Love Thyself

No suspense, the last of the list is this:

#10 – A thriving mother loves herself

It seems so simple, but is terribly complicated. For some of us, we love parts of ourselves. Others it is difficult to say anything specifically we love about ourselves. Maybe it depends on the day.

For me, self acceptance and loving myself has snowballed. It started out very small (actually it may have started really big as a child before I realized that people would dislike me and be unkind and might even say awfully mean things, nevertheless by the time I arrived at middle school it was nowhere to be seen.) At that time, it was my parents’ love for me that was the beginning of my snowball. Without love, we can’t feel worthy. If we don’t feel worthy, it is incredibly hard to love ourselves. You see here, the chicken and the egg of it.

Having a husband who loves almost everything about me most of the time has helped me love myself more over the years. He sees my beauty and looks past my flaws. He loves me so much that he is willing to tell me when I’m being irrational or non-sensical or an idiot in the gentlest manner one could ever deliver such a difficult messages. (He does PR for a living and is pretty good.) His best skill may be sitting down after a long day, pouring two glasses of wine, and listening. I’m not sure how I could have ever captured his attention, let alone convinced him that it was a good idea to spend the rest of his life with me.

In the past decade I’ve made some real headway on loving myself. Not perfect, still a work in progress, not quite willing to look in the mirror each morning telling myself, “I am beautiful.” Maybe I will get there someday. What has had the most impact in those ten years are the friends who surround me. They bring out the best in me and accept the eccentricities too. They cheer me on as I chase my dreams and aren’t intimidated by my passion, even though it might be different from their own. They want my light to shine as brightly as it can. This is a group of really loyal people. People who forgive my imperfection and stupidity.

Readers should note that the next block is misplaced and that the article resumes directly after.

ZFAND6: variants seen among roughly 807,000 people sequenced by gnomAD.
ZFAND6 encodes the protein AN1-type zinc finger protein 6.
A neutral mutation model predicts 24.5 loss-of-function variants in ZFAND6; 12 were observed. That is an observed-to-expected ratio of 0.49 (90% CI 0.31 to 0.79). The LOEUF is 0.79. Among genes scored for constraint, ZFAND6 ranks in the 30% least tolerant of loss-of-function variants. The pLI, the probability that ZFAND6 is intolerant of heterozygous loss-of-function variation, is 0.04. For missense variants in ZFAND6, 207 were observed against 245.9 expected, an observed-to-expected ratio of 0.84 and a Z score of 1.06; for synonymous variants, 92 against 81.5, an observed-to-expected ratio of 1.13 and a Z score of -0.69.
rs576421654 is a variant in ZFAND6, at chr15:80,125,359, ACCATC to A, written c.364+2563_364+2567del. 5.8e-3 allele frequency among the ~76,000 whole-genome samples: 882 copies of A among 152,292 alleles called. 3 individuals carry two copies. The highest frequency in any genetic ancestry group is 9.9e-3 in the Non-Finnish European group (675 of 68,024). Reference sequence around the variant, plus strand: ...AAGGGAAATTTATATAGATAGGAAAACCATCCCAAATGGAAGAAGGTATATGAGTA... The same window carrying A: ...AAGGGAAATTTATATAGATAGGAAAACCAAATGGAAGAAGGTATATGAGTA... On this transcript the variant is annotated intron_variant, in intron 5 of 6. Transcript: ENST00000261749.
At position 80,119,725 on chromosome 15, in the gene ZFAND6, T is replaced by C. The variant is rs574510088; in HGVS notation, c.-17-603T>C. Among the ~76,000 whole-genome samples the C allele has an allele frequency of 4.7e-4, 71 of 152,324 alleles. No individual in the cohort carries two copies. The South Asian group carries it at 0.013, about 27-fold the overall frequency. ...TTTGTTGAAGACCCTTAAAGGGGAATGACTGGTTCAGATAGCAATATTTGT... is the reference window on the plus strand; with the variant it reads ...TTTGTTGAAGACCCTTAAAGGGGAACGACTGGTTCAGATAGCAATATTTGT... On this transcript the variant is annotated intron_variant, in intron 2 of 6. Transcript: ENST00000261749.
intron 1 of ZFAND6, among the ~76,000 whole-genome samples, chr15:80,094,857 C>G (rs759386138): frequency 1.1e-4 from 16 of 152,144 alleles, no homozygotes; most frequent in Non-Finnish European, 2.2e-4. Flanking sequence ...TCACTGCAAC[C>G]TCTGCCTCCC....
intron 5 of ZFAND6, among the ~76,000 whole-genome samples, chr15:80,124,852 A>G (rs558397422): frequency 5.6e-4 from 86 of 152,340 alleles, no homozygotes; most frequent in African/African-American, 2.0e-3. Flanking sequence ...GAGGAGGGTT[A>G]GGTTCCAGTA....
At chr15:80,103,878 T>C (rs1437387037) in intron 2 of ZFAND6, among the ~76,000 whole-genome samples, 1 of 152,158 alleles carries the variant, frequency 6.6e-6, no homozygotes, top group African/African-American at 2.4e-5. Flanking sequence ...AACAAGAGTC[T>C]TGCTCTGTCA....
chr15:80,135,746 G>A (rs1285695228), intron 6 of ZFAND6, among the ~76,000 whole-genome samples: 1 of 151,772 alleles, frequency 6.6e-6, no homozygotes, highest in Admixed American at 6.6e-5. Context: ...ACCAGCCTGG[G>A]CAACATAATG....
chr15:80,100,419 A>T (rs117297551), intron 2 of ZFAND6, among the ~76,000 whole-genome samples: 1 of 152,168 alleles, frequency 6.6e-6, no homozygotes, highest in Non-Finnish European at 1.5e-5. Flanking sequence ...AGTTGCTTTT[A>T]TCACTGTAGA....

It is living in this community of friends who couldn’t possibly love me as much as my mother does, but seemingly do. They have taught me to do unto others what other have done for me. They encourage me to do unto myself as I would do for them. They inspire me to be the best possible version of myself in an evolutionary way, not revolutionary.

This is a long way of saying that I don’t wake up everyday in love with myself. My journey toward self-love requires examples and someone showing me how and reminders. Something that sounds like it should come entirely from within, just doesn’t. What I know for sure is that having a daughter is my motivation to continue the hard work of loving myself. She deserves a role model. I want to be her role model.

One of my daily rituals that reminds me to love myself is listening to this. The lyrics repeat themselves three times throughout the song. The first verse is for yourself, the second for your family (blood or other), the third for someone who could use positive thoughts. Give it a try… or just forgive my eccentricities.


This is the last post in a series inspired by one of my favorite sessions of the Warrior Mom Conference (#WarriorMomCon). Kate Kripke presented on Thriving After PMAD (Postpartum Mood and Anxiety Disorders) where she asked all of us, “What does a thriving mother do?” Her list of ten blew me away and they aren’t just for moms with PMADs… they are for everybody!

#1 – Thriving mothers know feeling anxious is a normal part of motherhood

#2 – She is willing to be Good Enough (and understand that mistakes are even important)

#3 – Thriving mothers understand the need for self-fullness and that self-fullness is in service of her child(ren)

#4 – She understands the difference between habit and instinct or intuition and she gives herself the time and space to listen. Carefully.

#5 – A thriving mother accepts and maybe even prides herself on her vulnerabilities

#6 – She understands the need for community and she uses it well

#7 – Thriving mothers understand that by doing the work NOW, she is making it less likely that her child(ren will have to do it later

#8 – She understands the difference between Guilt and Regret and chooses not to punish herself unnecessarily

#9 – She learns from the wolves (and understands that it’s our culture that has the problem and not her)


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